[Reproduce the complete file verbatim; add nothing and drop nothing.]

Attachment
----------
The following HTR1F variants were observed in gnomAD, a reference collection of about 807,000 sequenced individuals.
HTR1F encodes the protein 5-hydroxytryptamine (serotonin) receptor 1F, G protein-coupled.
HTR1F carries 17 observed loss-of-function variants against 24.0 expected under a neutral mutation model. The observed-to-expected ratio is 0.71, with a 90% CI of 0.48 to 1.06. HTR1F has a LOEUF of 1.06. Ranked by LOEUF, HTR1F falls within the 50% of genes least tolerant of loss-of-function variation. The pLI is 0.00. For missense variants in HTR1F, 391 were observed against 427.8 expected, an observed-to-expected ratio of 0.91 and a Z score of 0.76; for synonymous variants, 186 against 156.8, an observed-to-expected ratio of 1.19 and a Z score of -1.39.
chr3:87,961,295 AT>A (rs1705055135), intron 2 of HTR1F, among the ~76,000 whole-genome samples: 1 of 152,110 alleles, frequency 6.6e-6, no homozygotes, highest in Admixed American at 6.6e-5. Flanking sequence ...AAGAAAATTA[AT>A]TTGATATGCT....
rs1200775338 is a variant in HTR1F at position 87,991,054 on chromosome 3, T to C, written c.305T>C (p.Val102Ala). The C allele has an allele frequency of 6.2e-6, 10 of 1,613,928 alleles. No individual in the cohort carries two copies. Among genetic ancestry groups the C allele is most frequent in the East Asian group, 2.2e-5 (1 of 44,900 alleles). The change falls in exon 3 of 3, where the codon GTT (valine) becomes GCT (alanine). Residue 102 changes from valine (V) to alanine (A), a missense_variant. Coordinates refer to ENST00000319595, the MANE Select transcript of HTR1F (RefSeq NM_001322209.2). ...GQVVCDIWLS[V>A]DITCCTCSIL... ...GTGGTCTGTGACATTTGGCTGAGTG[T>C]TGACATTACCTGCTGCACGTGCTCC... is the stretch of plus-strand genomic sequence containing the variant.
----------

The following HTR1F variants were observed in gnomAD, a reference collection of about 807,000 sequenced individuals.
HTR1F encodes the protein 5-hydroxytryptamine (serotonin) receptor 1F, G protein-coupled.
HTR1F carries 17 observed loss-of-function variants against 24.0 expected under a neutral mutation model. The observed-to-expected ratio is 0.71, with a 90% CI of 0.48 to 1.06. HTR1F has a LOEUF of 1.06. Ranked by LOEUF, HTR1F falls within the 50% of genes least tolerant of loss-of-function variation. The pLI is 0.00. For missense variants in HTR1F, 391 were observed against 427.8 expected, an observed-to-expected ratio of 0.91 and a Z score of 0.76; for synonymous variants, 186 against 156.8, an observed-to-expected ratio of 1.19 and a Z score of -1.39.
chr3:87,961,295 AT>A (rs1705055135), intron 2 of HTR1F, among the ~76,000 whole-genome samples: 1 of 152,110 alleles, frequency 6.6e-6, no homozygotes, highest in Admixed American at 6.6e-5. Flanking sequence ...AAGAAAATTA[AT>A]TTGATATGCT....
rs1200775338 is a variant in HTR1F at position 87,991,054 on chromosome 3, T to C, written c.305T>C (p.Val102Ala). The C allele has an allele frequency of 6.2e-6, 10 of 1,613,928 alleles. No individual in the cohort carries two copies. Among genetic ancestry groups the C allele is most frequent in the East Asian group, 2.2e-5 (1 of 44,900 alleles). The change falls in exon 3 of 3, where the codon GTT (valine) becomes GCT (alanine). Residue 102 changes from valine (V) to alanine (A), a missense_variant. Coordinates refer to ENST00000319595, the MANE Select transcript of HTR1F (RefSeq NM_001322209.2). ...GQVVCDIWLS[V>A]DITCCTCSIL... ...GTGGTCTGTGACATTTGGCTGAGTG[T>C]TGACATTACCTGCTGCACGTGCTCC... is the stretch of plus-strand genomic sequence containing the variant.